In partnership with Rolex

Jaws filmmaker among
conservationists in battle
to protect Earth’s
underwater species

Veteran activist Valerie Taylor lobbies to preserve Australia’s fast-declining coral reef system and threatened marine life, while biologist João Campos-Silva works to save world’s largest freshwater fish, arapaima, and secure livelihood of Brazil’s river fishing communities

August 28, 2020

Beneath the shallow blue waters off eastern Australia lies one of the world’s most diverse ecosystems, which is a common “bucket list” travel destination best known for its colourful coral and marine life.

The Great Barrier Reef, one of seven natural wonders of the world, is home to more than 1,500 species of fish and one-third of the world’s soft corals, according to conservation group World Wide Fund for Nature (WWF).

Sea turtles, dugongs and humpback whales are some of the vulnerable species native to the reef – comprising about 3,000 individual coral reefs – which stretches 2,300km (1,430 miles) along Queensland’s coastline.

It is also the world’s largest coral reef system, spanning an area of about 344,400 square km (133,000 sq miles) – or the equivalent of 70 million football fields, according to the Queensland government.

The Great Barrier Reef covers an area the size of
football fields

– larger than Italy and slightly smaller than Japan
It is home to more than

species of fish
and one-third of the
world’s soft corals.

However, as much as the Great Barrier Reef is treasured by nature lovers around the world, the coral areas have been steadily declining.

A study published in science journal Nature shows the number of new corals has dropped by 89 per cent in 2019 after the ecosystem suffered mass bleaching caused by higher sea temperatures in the preceding years.

Corals expel the algae living in their tissues, causing them to turn completely white, when they become stressed by changes in conditions such as light, nutrients or warmer water temperature.

The UN scientific agency, Unesco, which gave the reef world heritage status in 1981, has warned that increased shipping activities and extreme weather events pose the main threats to its existence.

Despite the grim outlook, one iconic Australian campaigner has been battling to save the diminishing coral reefs.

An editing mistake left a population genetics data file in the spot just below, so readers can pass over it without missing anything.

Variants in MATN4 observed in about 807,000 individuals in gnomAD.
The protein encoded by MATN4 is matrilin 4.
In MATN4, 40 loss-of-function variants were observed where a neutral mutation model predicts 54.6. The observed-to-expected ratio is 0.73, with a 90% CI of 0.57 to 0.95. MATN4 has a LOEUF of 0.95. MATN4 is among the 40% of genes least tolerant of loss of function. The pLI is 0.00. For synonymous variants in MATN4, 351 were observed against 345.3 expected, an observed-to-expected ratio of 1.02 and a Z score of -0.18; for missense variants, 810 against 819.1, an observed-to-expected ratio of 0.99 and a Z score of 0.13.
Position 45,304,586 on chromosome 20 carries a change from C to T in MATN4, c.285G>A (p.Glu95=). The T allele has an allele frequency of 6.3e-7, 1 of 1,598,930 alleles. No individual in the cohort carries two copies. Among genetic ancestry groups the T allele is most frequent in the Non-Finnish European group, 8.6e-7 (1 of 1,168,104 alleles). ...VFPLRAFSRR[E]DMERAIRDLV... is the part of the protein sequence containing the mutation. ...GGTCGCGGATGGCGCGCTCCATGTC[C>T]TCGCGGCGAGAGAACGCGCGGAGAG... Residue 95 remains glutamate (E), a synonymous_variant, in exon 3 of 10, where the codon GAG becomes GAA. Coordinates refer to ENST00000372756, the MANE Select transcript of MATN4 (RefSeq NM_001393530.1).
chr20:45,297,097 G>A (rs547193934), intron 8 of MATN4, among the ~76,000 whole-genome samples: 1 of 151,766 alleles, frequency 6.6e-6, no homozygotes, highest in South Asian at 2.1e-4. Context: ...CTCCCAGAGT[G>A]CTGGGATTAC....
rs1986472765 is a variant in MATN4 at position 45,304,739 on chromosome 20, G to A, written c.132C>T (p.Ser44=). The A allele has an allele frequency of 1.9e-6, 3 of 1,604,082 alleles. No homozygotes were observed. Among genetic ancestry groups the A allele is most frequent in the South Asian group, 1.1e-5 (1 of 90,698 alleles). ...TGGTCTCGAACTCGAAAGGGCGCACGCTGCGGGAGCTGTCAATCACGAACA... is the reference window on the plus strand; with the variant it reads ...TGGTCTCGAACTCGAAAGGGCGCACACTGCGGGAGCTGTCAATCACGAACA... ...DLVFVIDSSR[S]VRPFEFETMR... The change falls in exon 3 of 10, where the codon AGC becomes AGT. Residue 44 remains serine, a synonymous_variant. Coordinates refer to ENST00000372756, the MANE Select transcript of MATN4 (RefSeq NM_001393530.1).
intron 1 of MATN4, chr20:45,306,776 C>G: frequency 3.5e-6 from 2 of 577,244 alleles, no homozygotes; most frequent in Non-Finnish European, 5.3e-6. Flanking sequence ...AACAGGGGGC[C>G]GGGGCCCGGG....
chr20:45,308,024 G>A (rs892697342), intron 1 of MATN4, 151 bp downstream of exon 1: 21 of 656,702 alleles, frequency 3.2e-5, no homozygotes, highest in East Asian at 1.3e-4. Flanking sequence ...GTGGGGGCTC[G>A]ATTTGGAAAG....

The number of new corals has dropped by
after repeated bleaching causedby climate change.

Marine conservation pioneer

Conservationist Valerie Taylor, 84, is best known for her work in photographing the beauty of the Great Barrier Reef for an international audience. She and her late husband, Ron Taylor, were among the first to explore the reefs on film.

Her activism began in the 1960s when she and Ron – both spearfishing champions – witnessed the wonders of Australia’s underwater world up close while competing.

“I realised that the marine world was dying, that the animals that I took for granted were vanishing,” the Sydney native tells South China Morning Post.

“That's when I started to become so adamant about protecting lives in the ocean.”

She quit spearfishing and in 1967 worked with a Belgian scientific expedition to produce the first film about the Great Barrier Reef – a project that revealed the magnificent colours of the corals to international viewers.

Filming underwater documentaries

Giving lectures and talks across the world

Writing eight books, including the latest called, Valerie Taylor: An Adventurous Life

Lobbying for the protection of marine life (which has led to the listing of the grey nurse shark and potato cod as protected species)

The couple contributed their underwater photography skills to a number of Hollywood feature films, such as Jaws, The Blue Lagoon and Honeymoon in Vegas.

Horrified that the popularity of Steven Spielberg’s 1975 film, Jaws, gave sharks a bad reputation, Taylor resolved to correct people’s misconceptions about the species and advocate the importance of protecting marine life.

Her tried-and-tested activism strategy has proved successful – filming the problem and telling the story surrounding it before getting her finished documentary shown on national television networks – to expose the perpetrators, who would otherwise be able to lie about causing harm to marine habitat and its biodiversity.

“They’d always say, ‘No, that's not true – she's exaggerating’,” Taylor says. “But you know what they say, a picture is worth a thousand words.”

Diminishing underwater life

However, the situation remains dire. Taylor says she has witnessed the rapid destruction of marine ecosystems in the decades since the film’s release,  leaving the oceans in a poor state. “No child born today will ever know how wonderful our marine world really used to be,” she says.

Scientists say marine biodiversity has been steadily declining. A survey conducted by WWF found that nearly half of all marine life was lost between 1970 and 2012 as a result of overfishing, plastic pollution and climate change.